Published Nov 26, 2015Travis Scott has continuously referenced rodeos metaphorically for his music and his sex, drugs and rap lifestyle. It's a metaphor that also functions into the rambunctious nature of his live performances, which have been recently known to incite riots and toss political correctness out the window.
For the first of two shows scheduled at Toronto's Sound Academy on Wednesday evening (November 25), an eager young crowd were prepared to see if they could hold their own within the Houston native's weird and wild world of post-Yeezus trap. For the most part, they got what they came for, but it didn't come cleanly.
Stepping out in front of his desert-themed stage set, Scott's stallion-shaped chain glinted in the red light as he set the scene with Rodeo opener "Pornography." As expected, his energy was boundless, leaping around the stage while launching water bottles into the riotous crowd with abandon. Microphone issues struck Scott and his DJ only one song in, causing some dead space that Scott proceeded to fill by taunting the Sound Academy stage crew. "Y'all looking like some rookies right now," he jeered as they worked to fix the connections. "Can everyone in the audience give these guys the middle finger?" he asked aloud before leading a chant of "One, two, three, fuck you."
After urging the audience to "put the guns down and get creative" by dedicating "Pray for Love" to the number of violent events the world has seen these past few weeks, Scott looked to give the crowd what they wanted early on by lining up a string of his strongest bangers. As the undeniable "Don't Play" moved into "Quintana Pt. 2," Scott stopped the latter to call out a security guard who was handling fans a little rougher than he liked. After threatening to hop off the stage and handle it himself, Scott thought he would make the guard's job harder by winding up the crowd with the explosive hook of "Upper Echelon."
Unlike his previous stops in the provincial capital, Scott has now chosen to work with Auto-Tune live, using the effect on his vocal mic for almost the entire show. Of course, the goal in using it isn't to correct his vocal pitch so much as to make him sound nearly robotic, as if he took a page from the book of mentor Kanye West and tore it to pieces. The ubiquitous "yeeeeaaaaah" ad-lib aside, the keys that the software confined his voice to were noticeably dissonant in comparison to the studio backing tracks, making for some unpleasant contrasts in a handful of instances.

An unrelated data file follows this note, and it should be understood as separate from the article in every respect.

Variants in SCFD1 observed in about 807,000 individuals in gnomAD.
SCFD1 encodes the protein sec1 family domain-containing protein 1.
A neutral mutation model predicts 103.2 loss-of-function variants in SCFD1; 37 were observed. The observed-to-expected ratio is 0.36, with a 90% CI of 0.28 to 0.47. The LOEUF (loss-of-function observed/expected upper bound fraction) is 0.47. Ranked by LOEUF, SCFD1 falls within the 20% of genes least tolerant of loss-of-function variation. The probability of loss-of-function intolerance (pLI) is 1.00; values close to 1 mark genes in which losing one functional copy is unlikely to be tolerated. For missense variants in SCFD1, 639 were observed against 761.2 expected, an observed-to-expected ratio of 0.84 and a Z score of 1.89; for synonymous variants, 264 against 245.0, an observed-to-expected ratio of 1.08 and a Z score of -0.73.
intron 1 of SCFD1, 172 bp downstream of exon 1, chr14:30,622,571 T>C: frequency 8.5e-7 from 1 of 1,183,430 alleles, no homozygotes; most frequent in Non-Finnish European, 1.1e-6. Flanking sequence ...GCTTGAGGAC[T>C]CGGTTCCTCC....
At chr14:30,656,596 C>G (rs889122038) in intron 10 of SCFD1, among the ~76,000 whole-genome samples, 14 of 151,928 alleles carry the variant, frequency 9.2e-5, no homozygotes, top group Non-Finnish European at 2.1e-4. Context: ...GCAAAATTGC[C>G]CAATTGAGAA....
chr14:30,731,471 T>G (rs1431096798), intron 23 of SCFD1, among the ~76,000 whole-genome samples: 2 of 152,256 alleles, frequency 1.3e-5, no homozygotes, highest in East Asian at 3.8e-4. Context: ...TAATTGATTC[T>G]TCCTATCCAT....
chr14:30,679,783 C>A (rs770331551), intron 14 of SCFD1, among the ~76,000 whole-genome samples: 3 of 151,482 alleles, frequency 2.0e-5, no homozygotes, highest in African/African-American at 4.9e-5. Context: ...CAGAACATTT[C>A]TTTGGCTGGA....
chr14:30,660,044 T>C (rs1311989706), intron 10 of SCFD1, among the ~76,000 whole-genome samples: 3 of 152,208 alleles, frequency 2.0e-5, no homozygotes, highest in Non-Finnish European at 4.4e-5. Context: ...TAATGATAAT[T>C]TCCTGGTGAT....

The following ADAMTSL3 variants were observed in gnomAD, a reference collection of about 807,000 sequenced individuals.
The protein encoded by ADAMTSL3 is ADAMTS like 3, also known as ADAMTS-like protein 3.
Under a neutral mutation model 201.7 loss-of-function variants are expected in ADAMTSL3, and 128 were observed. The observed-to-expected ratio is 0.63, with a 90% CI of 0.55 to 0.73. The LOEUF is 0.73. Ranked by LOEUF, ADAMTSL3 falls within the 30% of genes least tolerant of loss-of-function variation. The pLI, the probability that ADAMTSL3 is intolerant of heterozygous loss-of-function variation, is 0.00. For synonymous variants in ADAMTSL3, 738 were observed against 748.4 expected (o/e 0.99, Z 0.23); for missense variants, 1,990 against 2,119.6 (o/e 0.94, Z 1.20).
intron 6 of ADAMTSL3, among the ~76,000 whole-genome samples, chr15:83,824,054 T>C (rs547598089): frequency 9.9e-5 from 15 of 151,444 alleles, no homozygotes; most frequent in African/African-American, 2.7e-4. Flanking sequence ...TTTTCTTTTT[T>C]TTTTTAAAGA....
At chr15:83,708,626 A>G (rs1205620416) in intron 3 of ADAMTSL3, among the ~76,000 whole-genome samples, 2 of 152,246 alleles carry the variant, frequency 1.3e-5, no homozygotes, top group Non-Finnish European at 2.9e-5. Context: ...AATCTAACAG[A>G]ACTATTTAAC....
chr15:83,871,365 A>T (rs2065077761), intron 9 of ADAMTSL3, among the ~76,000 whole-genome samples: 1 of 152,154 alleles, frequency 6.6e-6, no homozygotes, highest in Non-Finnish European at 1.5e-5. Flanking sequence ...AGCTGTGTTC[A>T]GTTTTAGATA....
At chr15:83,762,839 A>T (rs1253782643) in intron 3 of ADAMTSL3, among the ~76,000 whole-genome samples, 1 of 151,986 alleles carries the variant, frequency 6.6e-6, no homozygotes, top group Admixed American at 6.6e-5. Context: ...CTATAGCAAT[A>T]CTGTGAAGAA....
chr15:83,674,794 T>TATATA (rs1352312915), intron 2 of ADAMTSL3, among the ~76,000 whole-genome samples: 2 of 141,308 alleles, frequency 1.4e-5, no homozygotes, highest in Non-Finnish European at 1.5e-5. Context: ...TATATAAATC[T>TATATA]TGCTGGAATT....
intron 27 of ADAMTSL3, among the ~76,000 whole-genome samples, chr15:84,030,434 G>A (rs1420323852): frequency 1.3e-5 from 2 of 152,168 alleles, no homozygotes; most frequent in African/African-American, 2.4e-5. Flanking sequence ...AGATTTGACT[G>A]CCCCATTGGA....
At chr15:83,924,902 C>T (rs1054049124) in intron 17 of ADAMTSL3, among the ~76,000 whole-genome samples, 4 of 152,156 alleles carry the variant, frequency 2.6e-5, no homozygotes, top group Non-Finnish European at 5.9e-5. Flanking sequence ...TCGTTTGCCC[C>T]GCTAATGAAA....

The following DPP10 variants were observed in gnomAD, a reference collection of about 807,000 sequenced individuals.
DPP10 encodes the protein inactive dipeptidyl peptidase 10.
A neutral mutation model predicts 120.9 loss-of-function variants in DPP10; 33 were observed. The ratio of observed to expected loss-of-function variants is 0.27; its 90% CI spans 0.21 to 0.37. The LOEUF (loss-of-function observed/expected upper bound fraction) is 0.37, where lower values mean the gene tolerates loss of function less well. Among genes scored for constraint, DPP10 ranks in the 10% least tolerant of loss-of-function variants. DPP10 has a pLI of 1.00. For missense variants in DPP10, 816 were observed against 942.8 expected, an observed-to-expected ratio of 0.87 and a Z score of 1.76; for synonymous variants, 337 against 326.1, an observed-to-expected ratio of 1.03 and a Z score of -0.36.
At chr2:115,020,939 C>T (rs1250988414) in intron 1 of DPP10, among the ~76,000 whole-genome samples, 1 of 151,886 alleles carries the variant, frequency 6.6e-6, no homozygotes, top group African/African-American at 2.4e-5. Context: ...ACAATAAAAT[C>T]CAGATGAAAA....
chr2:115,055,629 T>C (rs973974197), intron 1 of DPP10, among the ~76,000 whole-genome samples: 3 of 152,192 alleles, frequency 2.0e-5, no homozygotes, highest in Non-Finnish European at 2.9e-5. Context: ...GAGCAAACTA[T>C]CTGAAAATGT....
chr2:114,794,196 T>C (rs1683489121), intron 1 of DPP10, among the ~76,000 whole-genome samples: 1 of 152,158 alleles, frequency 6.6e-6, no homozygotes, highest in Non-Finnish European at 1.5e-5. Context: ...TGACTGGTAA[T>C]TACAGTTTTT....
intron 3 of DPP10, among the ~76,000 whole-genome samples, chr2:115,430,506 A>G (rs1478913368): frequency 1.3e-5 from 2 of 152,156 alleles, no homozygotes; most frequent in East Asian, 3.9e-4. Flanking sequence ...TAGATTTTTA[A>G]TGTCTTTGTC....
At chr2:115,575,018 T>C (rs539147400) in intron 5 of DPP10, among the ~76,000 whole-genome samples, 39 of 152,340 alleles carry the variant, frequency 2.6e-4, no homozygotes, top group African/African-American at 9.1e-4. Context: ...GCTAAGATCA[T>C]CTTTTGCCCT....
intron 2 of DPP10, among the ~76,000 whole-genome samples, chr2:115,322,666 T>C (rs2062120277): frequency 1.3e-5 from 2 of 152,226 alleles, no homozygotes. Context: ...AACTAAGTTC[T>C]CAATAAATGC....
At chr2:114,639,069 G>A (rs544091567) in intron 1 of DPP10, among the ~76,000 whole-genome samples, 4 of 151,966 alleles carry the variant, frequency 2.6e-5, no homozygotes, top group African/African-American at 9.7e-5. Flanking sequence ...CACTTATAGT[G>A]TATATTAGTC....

Scott's technology got the better of him twice. The first was when he tried to execute the opening "oohs" and "aahs" of "Skyfall" like a robotic cult leader; unrecognizable to most because he was out of key, the audience didn't know how to react to Scott's disjointed phonetics until the beat dropped. The second instance was during an a cappella outro to "Drugs You Should Try It," where Scott was so out of key that even his DJ couldn't hold back laughter. "We put that Auto-Tune on everything man," he exclaimed as Scott continued to warble. No kidding.
As engaged as the audience was for "Mamacita," "3500" and the gleefully vulgar "Piss on Your Grave," Scott's perpetually Auto-Tuned stage presence wore thin as the rodeo began to wind down. Closing with the incredibly catchy "Antidote" was undoubtedly a crowd-pleasing moment, as Scott pushed his robotic shouts to the highest of heights before leaving the stage without any thanks or hint of an encore.
On an evening where the rodeo could have perhaps used a boost from the likes of Abel, a charged-up Aubrey fresh off of Drake Night, or even close collaborator Justin from down in Stratford, Scott stood as a lone ranger through and through, for better or worse.